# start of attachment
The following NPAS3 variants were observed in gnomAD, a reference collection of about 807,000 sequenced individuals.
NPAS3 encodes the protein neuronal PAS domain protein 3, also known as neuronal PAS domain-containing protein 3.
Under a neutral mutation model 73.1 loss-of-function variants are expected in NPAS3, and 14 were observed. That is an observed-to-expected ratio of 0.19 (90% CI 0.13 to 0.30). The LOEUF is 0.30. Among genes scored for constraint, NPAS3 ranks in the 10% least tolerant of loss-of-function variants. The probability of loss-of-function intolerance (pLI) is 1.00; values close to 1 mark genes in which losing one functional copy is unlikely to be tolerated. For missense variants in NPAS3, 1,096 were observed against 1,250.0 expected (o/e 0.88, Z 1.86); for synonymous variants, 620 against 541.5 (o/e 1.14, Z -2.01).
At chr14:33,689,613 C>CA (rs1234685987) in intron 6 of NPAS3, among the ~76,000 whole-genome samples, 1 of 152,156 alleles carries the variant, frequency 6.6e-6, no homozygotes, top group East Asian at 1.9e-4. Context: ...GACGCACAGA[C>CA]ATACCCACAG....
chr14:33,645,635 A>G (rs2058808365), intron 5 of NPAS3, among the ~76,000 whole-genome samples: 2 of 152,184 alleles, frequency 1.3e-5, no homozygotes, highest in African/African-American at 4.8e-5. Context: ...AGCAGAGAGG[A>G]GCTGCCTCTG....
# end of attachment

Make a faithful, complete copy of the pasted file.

The following NPAS3 variants were observed in gnomAD, a reference collection of about 807,000 sequenced individuals.
NPAS3 encodes the protein neuronal PAS domain protein 3, also known as neuronal PAS domain-containing protein 3.
Under a neutral mutation model 73.1 loss-of-function variants are expected in NPAS3, and 14 were observed. That is an observed-to-expected ratio of 0.19 (90% CI 0.13 to 0.30). The LOEUF is 0.30. Among genes scored for constraint, NPAS3 ranks in the 10% least tolerant of loss-of-function variants. The probability of loss-of-function intolerance (pLI) is 1.00; values close to 1 mark genes in which losing one functional copy is unlikely to be tolerated. For missense variants in NPAS3, 1,096 were observed against 1,250.0 expected (o/e 0.88, Z 1.86); for synonymous variants, 620 against 541.5 (o/e 1.14, Z -2.01).
At chr14:33,689,613 C>CA (rs1234685987) in intron 6 of NPAS3, among the ~76,000 whole-genome samples, 1 of 152,156 alleles carries the variant, frequency 6.6e-6, no homozygotes, top group East Asian at 1.9e-4. Context: ...GACGCACAGA[C>CA]ATACCCACAG....
chr14:33,645,635 A>G (rs2058808365), intron 5 of NPAS3, among the ~76,000 whole-genome samples: 2 of 152,184 alleles, frequency 1.3e-5, no homozygotes, highest in African/African-American at 4.8e-5. Context: ...AGCAGAGAGG[A>G]GCTGCCTCTG....